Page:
Philadelphia, PA, October 29, 2014 - Ghrelin is a hormone released by the stomach and it stimulates appetite and food intake. Alcohol is commonly viewed as a psychoactive substance that primarily affects brain function, but it is also a highly caloric food.
This knowledge, combined with findings from animal studies, led researchers to the hypothesis that ghrelin has the potential to stimulate alcohol craving.
Dr. Lorenzo Leggio and his colleagues tested this in humans and found that, as they had anticipated, alcohol craving was increased in heavy drinkers following administration of ghrelin. Their work is published in the current issue of Biological Psychiatry.
"This study provides a direct translation on the role of ghrelin in alcohol-seeking behaviors in humans from previous research conducted in rodents," said Dr. Leggio, Clinical Investigator in the National Institute on Alcohol Abuse and Alcoholism (NIAAA) and the National Institute on Drug Abuse at the National Institutes of Health. Dr. Leggio is also Chief of the Section on Clinical Psychoneuroendo-crinology and Neuropsychopharmacology, in NIAAA's Laboratory of Clinical and Translational Studies.
The study was conducted in the laboratory, where 45 men and women, all of whom were alcohol-dependent, heavy-drinking individuals not seeking treatment, were randomized to receive one of three different doses of ghrelin. One of those doses, at 0 mcg/kg, served as a placebo.
Following intravenous administration of the drug, the volunteers then completed a cue-reactivity task, during which they were exposed to both neutral and alcohol cues. Throughout the laboratory session, their craving (e.g., urge to drink) for alcohol or juice was repeatedly assessed.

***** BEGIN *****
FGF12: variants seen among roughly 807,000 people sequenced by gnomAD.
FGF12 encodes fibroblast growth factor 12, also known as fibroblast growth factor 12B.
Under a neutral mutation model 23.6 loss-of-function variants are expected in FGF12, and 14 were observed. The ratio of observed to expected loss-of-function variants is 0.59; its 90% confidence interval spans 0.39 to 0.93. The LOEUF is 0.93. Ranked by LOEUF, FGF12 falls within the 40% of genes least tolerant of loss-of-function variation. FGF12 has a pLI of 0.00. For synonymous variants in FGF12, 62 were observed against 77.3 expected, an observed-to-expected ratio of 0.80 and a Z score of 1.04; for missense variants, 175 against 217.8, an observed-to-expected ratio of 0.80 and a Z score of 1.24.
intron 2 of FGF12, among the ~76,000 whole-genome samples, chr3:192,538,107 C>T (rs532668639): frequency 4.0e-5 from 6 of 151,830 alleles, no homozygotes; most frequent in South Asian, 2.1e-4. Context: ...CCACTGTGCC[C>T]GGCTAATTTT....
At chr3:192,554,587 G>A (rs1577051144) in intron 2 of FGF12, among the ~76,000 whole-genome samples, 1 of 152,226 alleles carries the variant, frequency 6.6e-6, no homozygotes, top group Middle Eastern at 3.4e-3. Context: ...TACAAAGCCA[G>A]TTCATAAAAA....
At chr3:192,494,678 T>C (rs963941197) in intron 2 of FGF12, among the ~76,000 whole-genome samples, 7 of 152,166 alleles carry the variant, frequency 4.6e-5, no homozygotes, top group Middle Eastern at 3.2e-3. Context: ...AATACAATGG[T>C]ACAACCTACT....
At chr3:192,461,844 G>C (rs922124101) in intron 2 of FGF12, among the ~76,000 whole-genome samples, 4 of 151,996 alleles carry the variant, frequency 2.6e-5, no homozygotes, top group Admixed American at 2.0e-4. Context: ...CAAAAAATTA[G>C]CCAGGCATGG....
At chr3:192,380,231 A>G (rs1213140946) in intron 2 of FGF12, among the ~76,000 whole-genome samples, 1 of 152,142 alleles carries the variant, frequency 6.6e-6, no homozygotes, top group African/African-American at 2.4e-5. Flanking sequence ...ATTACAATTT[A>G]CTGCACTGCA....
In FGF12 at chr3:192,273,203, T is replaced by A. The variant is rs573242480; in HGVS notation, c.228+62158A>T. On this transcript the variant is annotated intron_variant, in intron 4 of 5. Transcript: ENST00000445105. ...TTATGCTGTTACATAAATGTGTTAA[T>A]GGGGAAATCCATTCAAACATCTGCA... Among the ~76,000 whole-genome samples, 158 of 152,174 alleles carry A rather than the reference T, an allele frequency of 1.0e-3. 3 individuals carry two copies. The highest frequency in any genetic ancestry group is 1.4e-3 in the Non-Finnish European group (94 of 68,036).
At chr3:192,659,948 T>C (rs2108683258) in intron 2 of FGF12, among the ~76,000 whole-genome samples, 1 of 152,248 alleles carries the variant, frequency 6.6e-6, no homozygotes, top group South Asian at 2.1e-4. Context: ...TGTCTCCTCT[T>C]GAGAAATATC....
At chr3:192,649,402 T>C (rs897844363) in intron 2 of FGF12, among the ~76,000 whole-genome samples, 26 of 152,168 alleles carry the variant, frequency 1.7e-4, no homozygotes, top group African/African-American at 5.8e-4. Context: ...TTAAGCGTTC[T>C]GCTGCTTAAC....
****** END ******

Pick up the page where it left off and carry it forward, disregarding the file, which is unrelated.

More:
Compared to placebo, ghrelin significantly increased alcohol craving, but had no effect on urge to drink juice. There were no differences in reported side effects between those who received placebo versus those who received ghrelin.
Dr. John Krystal, Editor of Biological Psychiatry, commented, "This study sheds new light on a role for ghrelin in alcohol craving, raising the possibility that ghrelin signaling might be targeted by future treatments for alcohol use disorders."
Leggio added, "There is a crucial need to identify neurobiological pathways linked to alcohol craving that may help in the development of novel effective medications aimed to reduce excessive alcohol use. In this context, future studies may explore the potential of blocking ghrelin signaling as a new promising treatment for alcoholism."
The article is "Intravenous Ghrelin Administration Increases Alcohol Craving in Alcohol-Dependent Heavy Drinkers: A Preliminary Investigation" by Lorenzo Leggio, William H. Zywiak, Samuel R. Fricchione, Steven M. Edwards, Suzanne M. de la Monte, Robert M. Swift, and George A. Kenna (doi: 10.1016/j.biopsych.2014.03.019). The article appears in Biological Psychiatry, Volume 76, Issue 9 (November 1, 2014), published by Elsevier.
Notes for editors
Full text of the article is available to credentialed journalists upon request; contact Rhiannon Bugno at +1 214 648 0880 or Biol.Psych@utsouthwestern.edu. Journalists wishing to interview the authors may contact Dr. Lorenzo Leggio at +1 301 435 9398 or email@example.com.
The authors' affiliations, and disclosures of financial and conflicts of interests are available in the article.
John H. Krystal, M.D., is Chairman of the Department of Psychiatry at the Yale University School of Medicine, Chief of Psychiatry at Yale-New Haven Hospital, and a research psychiatrist at the VA Connecticut Healthcare System. His disclosures of financial and conflicts of interests are available here.
About Biological Psychiatry
Biological Psychiatry is the official journal of the Society of Biological Psychiatry, whose purpose is to promote excellence in scientific research and education in fields that investigate the nature, causes, mechanisms and treatments of disorders of thought, emotion, or behavior. In accord with this mission, this peer-reviewed, rapid-publication, international journal publishes both basic and clinical contributions from all disciplines and research areas relevant to the pathophysiology and treatment of major psychiatric disorders.
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